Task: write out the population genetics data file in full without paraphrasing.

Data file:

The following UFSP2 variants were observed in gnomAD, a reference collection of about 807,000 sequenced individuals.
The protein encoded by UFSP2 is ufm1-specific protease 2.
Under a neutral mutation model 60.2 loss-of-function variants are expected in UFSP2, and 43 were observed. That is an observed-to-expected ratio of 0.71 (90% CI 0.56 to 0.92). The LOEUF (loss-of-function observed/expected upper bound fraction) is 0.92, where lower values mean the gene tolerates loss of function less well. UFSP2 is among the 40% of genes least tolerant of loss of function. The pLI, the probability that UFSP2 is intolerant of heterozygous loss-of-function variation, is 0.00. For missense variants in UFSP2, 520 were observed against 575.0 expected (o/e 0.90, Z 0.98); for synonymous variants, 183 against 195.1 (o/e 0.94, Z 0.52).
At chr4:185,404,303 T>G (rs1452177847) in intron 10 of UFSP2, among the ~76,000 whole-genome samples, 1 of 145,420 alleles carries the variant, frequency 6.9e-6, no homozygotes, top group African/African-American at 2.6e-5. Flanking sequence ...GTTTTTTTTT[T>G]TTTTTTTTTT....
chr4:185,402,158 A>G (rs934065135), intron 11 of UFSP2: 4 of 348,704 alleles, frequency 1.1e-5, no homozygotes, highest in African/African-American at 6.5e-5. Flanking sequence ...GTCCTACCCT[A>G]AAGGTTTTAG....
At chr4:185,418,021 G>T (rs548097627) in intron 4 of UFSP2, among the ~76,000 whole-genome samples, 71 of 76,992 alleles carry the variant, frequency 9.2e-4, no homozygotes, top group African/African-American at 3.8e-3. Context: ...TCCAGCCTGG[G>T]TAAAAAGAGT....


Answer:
The following UFSP2 variants were observed in gnomAD, a reference collection of about 807,000 sequenced individuals.
The protein encoded by UFSP2 is ufm1-specific protease 2.
Under a neutral mutation model 60.2 loss-of-function variants are expected in UFSP2, and 43 were observed. That is an observed-to-expected ratio of 0.71 (90% CI 0.56 to 0.92). The LOEUF (loss-of-function observed/expected upper bound fraction) is 0.92, where lower values mean the gene tolerates loss of function less well. UFSP2 is among the 40% of genes least tolerant of loss of function. The pLI, the probability that UFSP2 is intolerant of heterozygous loss-of-function variation, is 0.00. For missense variants in UFSP2, 520 were observed against 575.0 expected (o/e 0.90, Z 0.98); for synonymous variants, 183 against 195.1 (o/e 0.94, Z 0.52).
At chr4:185,404,303 T>G (rs1452177847) in intron 10 of UFSP2, among the ~76,000 whole-genome samples, 1 of 145,420 alleles carries the variant, frequency 6.9e-6, no homozygotes, top group African/African-American at 2.6e-5. Flanking sequence ...GTTTTTTTTT[T>G]TTTTTTTTTT....
chr4:185,402,158 A>G (rs934065135), intron 11 of UFSP2: 4 of 348,704 alleles, frequency 1.1e-5, no homozygotes, highest in African/African-American at 6.5e-5. Flanking sequence ...GTCCTACCCT[A>G]AAGGTTTTAG....
At chr4:185,418,021 G>T (rs548097627) in intron 4 of UFSP2, among the ~76,000 whole-genome samples, 71 of 76,992 alleles carry the variant, frequency 9.2e-4, no homozygotes, top group African/African-American at 3.8e-3. Context: ...TCCAGCCTGG[G>T]TAAAAAGAGT....